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Rice and Lentil Salad
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Cream Cheese Chicken Salad
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Non-mayo chicken salad. Use as a filling for main dishes or appetizers.


Sep 8, 2013 - Humor Kicks Off Emergency Preparedness Month
We should all be serious about our emergency plan. We should all be serious about our food storage. That does not mean there isn’t a time to laugh.

Sep 1, 2013 - Volunteer Opportunities
Many opportunities available for emergency preparedness

Aug 28, 2013 - Zucchini Season
When you pick those first tender zucchinis from the vine, the wonderful flavor is hard to beat.

Feb 6, 2013 - Ain't Worth the Beans
To be honest, you won’t believe what I’m about to tell you...

Jan 30, 2013 - Kitchen Cupboard Wisdom
When thinking about food storage, the first question is often, "Where do I start?"

Scan It Store It Use It


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Ain't Worth the Beans
02/06/2013 - by Aundrea Scorup

I’ve heard many surprised exclamations over the years when people have discovered my food storage room. “How do you do it?” they ask. “How can you afford it?” they wonder.

To be honest, you won’t believe what I’m about to tell you. But, I’ll tell you anyway: don’t stock up on canned and boxed food.

Now, before you accuse me of lying to you, or of having some dark ulterior motive, hear me out first. This can save you hours of hard work. No, really!

Canned food is generally expensive to use and replace. Let’s talk simple economics. A 15 oz can of cooked kidney beans at the local grocery store is approximately $.79. I can buy a 20# bag of dried kidney beans from my local supermarket that stocks bulk dry goods for about $18. There are about 3 servings in a can of cooked beans and about 200 servings in a 20 lb bag of dry beans. That equals $.26 per serving for canned kidney beans compared to only $.09 per serving for dried kidney beans!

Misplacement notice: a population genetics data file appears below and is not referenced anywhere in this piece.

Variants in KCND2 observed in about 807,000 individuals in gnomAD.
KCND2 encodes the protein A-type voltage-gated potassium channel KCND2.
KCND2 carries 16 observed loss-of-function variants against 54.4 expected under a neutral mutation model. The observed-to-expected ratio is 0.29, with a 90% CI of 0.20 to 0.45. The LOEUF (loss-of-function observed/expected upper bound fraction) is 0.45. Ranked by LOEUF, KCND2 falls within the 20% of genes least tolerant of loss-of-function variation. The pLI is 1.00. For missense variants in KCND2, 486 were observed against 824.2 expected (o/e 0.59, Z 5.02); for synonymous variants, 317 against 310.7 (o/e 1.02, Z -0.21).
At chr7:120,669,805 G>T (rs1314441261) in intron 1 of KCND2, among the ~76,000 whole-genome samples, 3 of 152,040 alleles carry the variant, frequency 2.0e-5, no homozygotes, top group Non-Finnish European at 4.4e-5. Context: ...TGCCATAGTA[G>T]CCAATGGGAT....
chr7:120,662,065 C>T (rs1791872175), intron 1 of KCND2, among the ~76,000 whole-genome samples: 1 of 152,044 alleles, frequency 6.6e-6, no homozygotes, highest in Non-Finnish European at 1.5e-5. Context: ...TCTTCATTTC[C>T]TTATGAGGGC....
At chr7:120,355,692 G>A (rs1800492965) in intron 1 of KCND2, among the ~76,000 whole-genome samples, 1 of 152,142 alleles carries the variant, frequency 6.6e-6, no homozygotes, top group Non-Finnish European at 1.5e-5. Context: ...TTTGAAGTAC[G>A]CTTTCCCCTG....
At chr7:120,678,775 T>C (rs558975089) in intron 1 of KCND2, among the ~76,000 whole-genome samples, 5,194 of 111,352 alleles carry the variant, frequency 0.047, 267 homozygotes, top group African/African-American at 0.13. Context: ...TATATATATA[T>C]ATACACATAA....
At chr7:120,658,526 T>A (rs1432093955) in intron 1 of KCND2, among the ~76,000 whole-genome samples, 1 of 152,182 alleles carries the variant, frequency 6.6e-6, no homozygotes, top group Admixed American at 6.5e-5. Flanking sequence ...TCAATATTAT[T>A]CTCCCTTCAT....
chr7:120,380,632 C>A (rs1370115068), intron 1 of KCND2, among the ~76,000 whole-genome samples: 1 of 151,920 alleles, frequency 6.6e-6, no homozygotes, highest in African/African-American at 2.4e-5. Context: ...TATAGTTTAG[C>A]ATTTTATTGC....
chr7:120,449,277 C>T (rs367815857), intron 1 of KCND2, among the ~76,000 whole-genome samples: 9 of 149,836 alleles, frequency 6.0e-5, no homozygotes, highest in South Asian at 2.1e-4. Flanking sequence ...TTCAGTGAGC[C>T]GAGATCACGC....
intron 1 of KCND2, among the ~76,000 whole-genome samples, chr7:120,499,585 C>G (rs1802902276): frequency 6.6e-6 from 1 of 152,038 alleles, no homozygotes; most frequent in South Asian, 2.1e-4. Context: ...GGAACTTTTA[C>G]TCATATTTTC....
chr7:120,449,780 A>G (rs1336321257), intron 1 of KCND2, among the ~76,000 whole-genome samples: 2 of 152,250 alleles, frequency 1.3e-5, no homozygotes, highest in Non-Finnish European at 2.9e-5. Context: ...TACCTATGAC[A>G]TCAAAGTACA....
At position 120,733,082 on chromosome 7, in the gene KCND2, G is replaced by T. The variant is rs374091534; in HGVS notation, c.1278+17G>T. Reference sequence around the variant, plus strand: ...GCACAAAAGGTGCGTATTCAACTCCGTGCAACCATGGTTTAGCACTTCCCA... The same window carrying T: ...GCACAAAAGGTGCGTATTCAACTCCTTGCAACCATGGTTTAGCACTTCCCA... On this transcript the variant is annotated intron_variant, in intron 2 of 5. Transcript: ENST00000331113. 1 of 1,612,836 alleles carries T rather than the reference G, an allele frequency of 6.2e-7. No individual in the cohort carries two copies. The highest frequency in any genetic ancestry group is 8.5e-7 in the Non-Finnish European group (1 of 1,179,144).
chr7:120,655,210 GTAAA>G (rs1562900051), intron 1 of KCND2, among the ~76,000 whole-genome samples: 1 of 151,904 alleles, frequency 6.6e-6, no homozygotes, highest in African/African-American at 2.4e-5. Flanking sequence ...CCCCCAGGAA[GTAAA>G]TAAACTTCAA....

Said another way, it would take almost 67 cans of cooked beans at a total cost of about $52.66 to acquire the same number of servings you can get out of a 20# bag of dried beans for about $18. That comes out to be almost three times cheaper to buy dried beans!

“So what?” you say. “There’s still the work of soaking and cooking the beans and my time is worth something.” You bet it is! With a net income of $15/hr, you would only have to work 1.2 hours to afford 200 servings of the dried beans as opposed to 3.51 hours for the equivalent 200 servings of canned beans. Additionally, in less time than it will take you to read this article, you can rinse 2 cups of beans and put them on to soak in your programmable crock pot with the delayed start. That’s less time than it takes to open the equivalent 3 cans of beans and put them in a pot.

Hmmm…not sounding quite as time consuming or inefficient as you first thought?


Now consider, also, that there are many dry bulk items that do not require soaking or pre-cooking before they can be used. Items such as lentils, garbanzo beans, black eyed peas, yellow or green split peas, quick oats, corn meal, pasta, barley, black beans, quinoa, long and short grain rice, buckwheat, dried fruit, sugars, flour, salt, and leavening agents are actually ready to cook or use as they are without extra prep work. This is why you can find many of these dry goods pre-mixed and packaged with the instructions on their labels reading “just add water” or “cooks in less than 20 minutes.” Manufacturers know that these foods are easy to use and that they cook quickly—they just want you to pay them for telling you so!

Dry bulk goods are inexpensive and simple to cook with. There’s no need to purchase these items at triple or quadruple the cost in their pre-cooked, pre-mixed, or pre-packaged forms. Consider your income and what you pay for these canned, pre-mixed, or pre-packaged beans, grains, powdered baking and breakfast mixes, and soups, and you will probably find that you aren’t saving the time or money you thought you were by using them as staples.

Using bulk items helps me build my food storage AND feed my family economically, without investing huge quantities of time. It’s sure to be simpler for you than you imagined it to be. Honestly, as far as I’m concerned, dry bulk goods are the way to go: the costs of storing, and cooking with, pre-packaged staples ain’t worth the beans!